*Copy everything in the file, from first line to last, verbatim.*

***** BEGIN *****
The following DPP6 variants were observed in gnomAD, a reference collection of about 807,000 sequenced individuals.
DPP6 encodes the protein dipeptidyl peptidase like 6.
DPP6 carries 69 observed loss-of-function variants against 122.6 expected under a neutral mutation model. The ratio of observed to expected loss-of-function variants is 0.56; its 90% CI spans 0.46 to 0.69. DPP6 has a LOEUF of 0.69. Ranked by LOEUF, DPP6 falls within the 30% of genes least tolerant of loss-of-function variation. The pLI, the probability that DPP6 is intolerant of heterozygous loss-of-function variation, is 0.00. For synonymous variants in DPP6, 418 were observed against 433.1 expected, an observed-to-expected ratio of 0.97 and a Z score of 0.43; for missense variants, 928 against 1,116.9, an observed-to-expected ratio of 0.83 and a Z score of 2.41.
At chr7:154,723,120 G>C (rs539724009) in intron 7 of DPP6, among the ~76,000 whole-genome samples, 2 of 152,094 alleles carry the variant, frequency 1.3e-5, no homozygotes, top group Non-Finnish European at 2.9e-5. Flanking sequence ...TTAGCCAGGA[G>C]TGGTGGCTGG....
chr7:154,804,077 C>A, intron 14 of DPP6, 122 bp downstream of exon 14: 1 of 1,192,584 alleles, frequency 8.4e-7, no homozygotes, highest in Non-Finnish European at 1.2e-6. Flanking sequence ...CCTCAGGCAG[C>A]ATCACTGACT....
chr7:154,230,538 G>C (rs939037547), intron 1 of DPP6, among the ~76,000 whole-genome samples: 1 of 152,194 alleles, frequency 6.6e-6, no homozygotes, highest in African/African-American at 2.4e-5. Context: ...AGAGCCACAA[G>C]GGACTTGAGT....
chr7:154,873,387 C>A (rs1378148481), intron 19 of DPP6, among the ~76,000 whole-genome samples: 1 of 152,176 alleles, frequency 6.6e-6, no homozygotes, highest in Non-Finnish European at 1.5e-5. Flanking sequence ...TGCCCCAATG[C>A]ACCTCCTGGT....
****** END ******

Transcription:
The following DPP6 variants were observed in gnomAD, a reference collection of about 807,000 sequenced individuals.
DPP6 encodes the protein dipeptidyl peptidase like 6.
DPP6 carries 69 observed loss-of-function variants against 122.6 expected under a neutral mutation model. The ratio of observed to expected loss-of-function variants is 0.56; its 90% CI spans 0.46 to 0.69. DPP6 has a LOEUF of 0.69. Ranked by LOEUF, DPP6 falls within the 30% of genes least tolerant of loss-of-function variation. The pLI, the probability that DPP6 is intolerant of heterozygous loss-of-function variation, is 0.00. For synonymous variants in DPP6, 418 were observed against 433.1 expected, an observed-to-expected ratio of 0.97 and a Z score of 0.43; for missense variants, 928 against 1,116.9, an observed-to-expected ratio of 0.83 and a Z score of 2.41.
At chr7:154,723,120 G>C (rs539724009) in intron 7 of DPP6, among the ~76,000 whole-genome samples, 2 of 152,094 alleles carry the variant, frequency 1.3e-5, no homozygotes, top group Non-Finnish European at 2.9e-5. Flanking sequence ...TTAGCCAGGA[G>C]TGGTGGCTGG....
chr7:154,804,077 C>A, intron 14 of DPP6, 122 bp downstream of exon 14: 1 of 1,192,584 alleles, frequency 8.4e-7, no homozygotes, highest in Non-Finnish European at 1.2e-6. Flanking sequence ...CCTCAGGCAG[C>A]ATCACTGACT....
chr7:154,230,538 G>C (rs939037547), intron 1 of DPP6, among the ~76,000 whole-genome samples: 1 of 152,194 alleles, frequency 6.6e-6, no homozygotes, highest in African/African-American at 2.4e-5. Context: ...AGAGCCACAA[G>C]GGACTTGAGT....
chr7:154,873,387 C>A (rs1378148481), intron 19 of DPP6, among the ~76,000 whole-genome samples: 1 of 152,176 alleles, frequency 6.6e-6, no homozygotes, highest in Non-Finnish European at 1.5e-5. Flanking sequence ...TGCCCCAATG[C>A]ACCTCCTGGT....